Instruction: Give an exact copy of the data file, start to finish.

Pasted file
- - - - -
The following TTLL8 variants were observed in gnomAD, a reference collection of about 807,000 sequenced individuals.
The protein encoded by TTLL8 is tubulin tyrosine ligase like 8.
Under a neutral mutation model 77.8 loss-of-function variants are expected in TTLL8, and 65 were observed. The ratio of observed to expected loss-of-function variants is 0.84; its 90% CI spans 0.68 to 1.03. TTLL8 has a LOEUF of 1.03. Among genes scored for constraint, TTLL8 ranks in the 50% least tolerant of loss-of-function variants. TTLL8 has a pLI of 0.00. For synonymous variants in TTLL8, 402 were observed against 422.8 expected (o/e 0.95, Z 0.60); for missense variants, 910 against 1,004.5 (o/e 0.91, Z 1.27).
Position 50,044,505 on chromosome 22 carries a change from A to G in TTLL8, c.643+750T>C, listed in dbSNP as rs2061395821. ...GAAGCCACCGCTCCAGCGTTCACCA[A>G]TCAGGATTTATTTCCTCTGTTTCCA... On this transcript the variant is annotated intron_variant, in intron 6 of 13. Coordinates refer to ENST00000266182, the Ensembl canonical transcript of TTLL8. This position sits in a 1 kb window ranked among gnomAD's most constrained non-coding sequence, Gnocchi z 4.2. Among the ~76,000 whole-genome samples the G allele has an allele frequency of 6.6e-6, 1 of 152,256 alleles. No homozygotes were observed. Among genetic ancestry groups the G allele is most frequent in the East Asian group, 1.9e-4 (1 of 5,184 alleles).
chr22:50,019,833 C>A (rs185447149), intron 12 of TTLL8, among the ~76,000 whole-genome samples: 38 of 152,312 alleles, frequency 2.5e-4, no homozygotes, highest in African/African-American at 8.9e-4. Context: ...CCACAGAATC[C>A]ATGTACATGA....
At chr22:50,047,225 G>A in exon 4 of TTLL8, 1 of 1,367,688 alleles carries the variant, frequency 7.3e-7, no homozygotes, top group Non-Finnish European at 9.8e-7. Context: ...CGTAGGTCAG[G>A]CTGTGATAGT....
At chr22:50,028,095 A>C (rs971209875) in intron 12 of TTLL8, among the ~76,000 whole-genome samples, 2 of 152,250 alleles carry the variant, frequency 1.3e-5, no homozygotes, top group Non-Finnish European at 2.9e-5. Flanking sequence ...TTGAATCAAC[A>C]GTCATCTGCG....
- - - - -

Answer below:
The following TTLL8 variants were observed in gnomAD, a reference collection of about 807,000 sequenced individuals.
The protein encoded by TTLL8 is tubulin tyrosine ligase like 8.
Under a neutral mutation model 77.8 loss-of-function variants are expected in TTLL8, and 65 were observed. The ratio of observed to expected loss-of-function variants is 0.84; its 90% CI spans 0.68 to 1.03. TTLL8 has a LOEUF of 1.03. Among genes scored for constraint, TTLL8 ranks in the 50% least tolerant of loss-of-function variants. TTLL8 has a pLI of 0.00. For synonymous variants in TTLL8, 402 were observed against 422.8 expected (o/e 0.95, Z 0.60); for missense variants, 910 against 1,004.5 (o/e 0.91, Z 1.27).
Position 50,044,505 on chromosome 22 carries a change from A to G in TTLL8, c.643+750T>C, listed in dbSNP as rs2061395821. ...GAAGCCACCGCTCCAGCGTTCACCA[A>G]TCAGGATTTATTTCCTCTGTTTCCA... On this transcript the variant is annotated intron_variant, in intron 6 of 13. Coordinates refer to ENST00000266182, the Ensembl canonical transcript of TTLL8. This position sits in a 1 kb window ranked among gnomAD's most constrained non-coding sequence, Gnocchi z 4.2. Among the ~76,000 whole-genome samples the G allele has an allele frequency of 6.6e-6, 1 of 152,256 alleles. No homozygotes were observed. Among genetic ancestry groups the G allele is most frequent in the East Asian group, 1.9e-4 (1 of 5,184 alleles).
chr22:50,019,833 C>A (rs185447149), intron 12 of TTLL8, among the ~76,000 whole-genome samples: 38 of 152,312 alleles, frequency 2.5e-4, no homozygotes, highest in African/African-American at 8.9e-4. Context: ...CCACAGAATC[C>A]ATGTACATGA....
At chr22:50,047,225 G>A in exon 4 of TTLL8, 1 of 1,367,688 alleles carries the variant, frequency 7.3e-7, no homozygotes, top group Non-Finnish European at 9.8e-7. Context: ...CGTAGGTCAG[G>A]CTGTGATAGT....
At chr22:50,028,095 A>C (rs971209875) in intron 12 of TTLL8, among the ~76,000 whole-genome samples, 2 of 152,250 alleles carry the variant, frequency 1.3e-5, no homozygotes, top group Non-Finnish European at 2.9e-5. Flanking sequence ...TTGAATCAAC[A>C]GTCATCTGCG....